This week I am very excited to introduce you to faculty member Corrin Sullivan, Ph.D.
As our director of curriculum, Corrin
is responsible for the management of all curriculum associated with student interactions as they progress through their four years at UNLV School of Medicine.
Corrin views her role as a "day-to-day operations manager" where she will ensure the curriculum functions smoothly, faculty and students possess the materials they need to succeed, and issues that may arise are resolved swiftly.
As important as these daily duties are, the primary role of Corrin's job is to understand and monitor each component of the student experience. A student's four year plan requires cohesion, clarity and a regular progression of the education program that meets each session's learning objectives, course objectives and overall program objectives.
Delving deeper into the student experience - from the classroom, to the laboratory, to the clinical setting - Corrin tracks these outcomes to ensure we are teaching required elements and that the courses are completed logically and cohesively. This process ensures the students' medical knowledge builds across their four years of education.
Finally, in addition to mapping every hour of every student's day through this important process, we are then able to evaluate overall student and faculty successes at the conclusion of major curriculum milestones. Possessing this data allows us and the students to adjust and make improvements where needed for their optimal future success.
Corrin's role in the School of Medicine functions around two valuable areas of creating a smooth path to success for students and faculty, and meeting the curriculum standards required by the LCME accrediting agency.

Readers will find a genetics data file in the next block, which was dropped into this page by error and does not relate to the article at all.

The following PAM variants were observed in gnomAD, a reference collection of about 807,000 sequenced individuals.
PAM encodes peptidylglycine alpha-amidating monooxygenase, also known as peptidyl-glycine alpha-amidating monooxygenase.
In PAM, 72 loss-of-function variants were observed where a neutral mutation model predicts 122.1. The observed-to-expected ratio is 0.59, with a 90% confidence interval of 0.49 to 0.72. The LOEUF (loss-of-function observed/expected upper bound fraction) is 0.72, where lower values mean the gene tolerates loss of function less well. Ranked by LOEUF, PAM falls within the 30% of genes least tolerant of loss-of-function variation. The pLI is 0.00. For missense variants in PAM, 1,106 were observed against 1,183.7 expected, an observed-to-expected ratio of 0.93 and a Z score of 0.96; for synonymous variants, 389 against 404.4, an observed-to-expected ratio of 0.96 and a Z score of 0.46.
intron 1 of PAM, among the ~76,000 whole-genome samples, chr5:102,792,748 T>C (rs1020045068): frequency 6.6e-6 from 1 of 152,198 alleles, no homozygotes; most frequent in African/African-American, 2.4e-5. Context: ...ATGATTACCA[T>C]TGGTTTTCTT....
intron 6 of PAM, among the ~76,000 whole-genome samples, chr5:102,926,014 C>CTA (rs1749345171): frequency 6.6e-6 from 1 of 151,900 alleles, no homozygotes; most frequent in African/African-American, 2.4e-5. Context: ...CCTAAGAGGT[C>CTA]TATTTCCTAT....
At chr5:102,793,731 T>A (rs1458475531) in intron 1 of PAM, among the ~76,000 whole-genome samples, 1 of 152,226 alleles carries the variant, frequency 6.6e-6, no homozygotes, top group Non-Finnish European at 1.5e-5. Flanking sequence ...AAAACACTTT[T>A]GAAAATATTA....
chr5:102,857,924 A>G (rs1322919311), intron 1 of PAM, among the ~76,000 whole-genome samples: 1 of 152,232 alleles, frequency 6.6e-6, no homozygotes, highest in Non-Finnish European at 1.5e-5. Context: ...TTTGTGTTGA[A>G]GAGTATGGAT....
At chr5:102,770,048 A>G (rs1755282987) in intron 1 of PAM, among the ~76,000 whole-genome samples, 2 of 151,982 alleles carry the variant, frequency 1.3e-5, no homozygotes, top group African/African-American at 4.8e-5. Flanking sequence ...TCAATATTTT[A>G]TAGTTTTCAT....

The school's major curriculum milestones include the following:
- Immersion and emergency medical technician training and certification, occurring during the first six weeks of instruction;
- Foundations of medicine, which is taught during the first 18 months. This is when we introduce the scientific basis of medicine in a series of written patient cases that describe a clinical presentation of a disease problem. Students then study the case and disease mechanisms in small groups, and use the case to learn the basic scientific underpinnings, to incorporate other societal/contributing factors, and to come up with appropriate diagnoses and treatments;
- Longitudinal integrated clinical experiences occurring during the third year of the curriculum when students see patients in a clinical outpatient setting under the supervision of faculty members;
- Fourth-year inpatient experiences and electives designed to support each student's career choice.
While studying for her master's degree and Ph.D. as a full-time student at the University of Washington in Seattle, Corrin earned a tuition exemption by working in the School of Medicine in various temporary roles. As opportunities came open, she rotated through departments, including admissions, the registrar's office, student services, regional affairs, evaluation and assessment, and finally curriculum.
Working in many different operational facets at the University of Washington School of Medicine provided Corrin an unique comprehensive knowledge of how a medical school functions. As a result, she's become an invaluable asset to UNLV School of Medicine when it comes to developing and documenting our curriculum.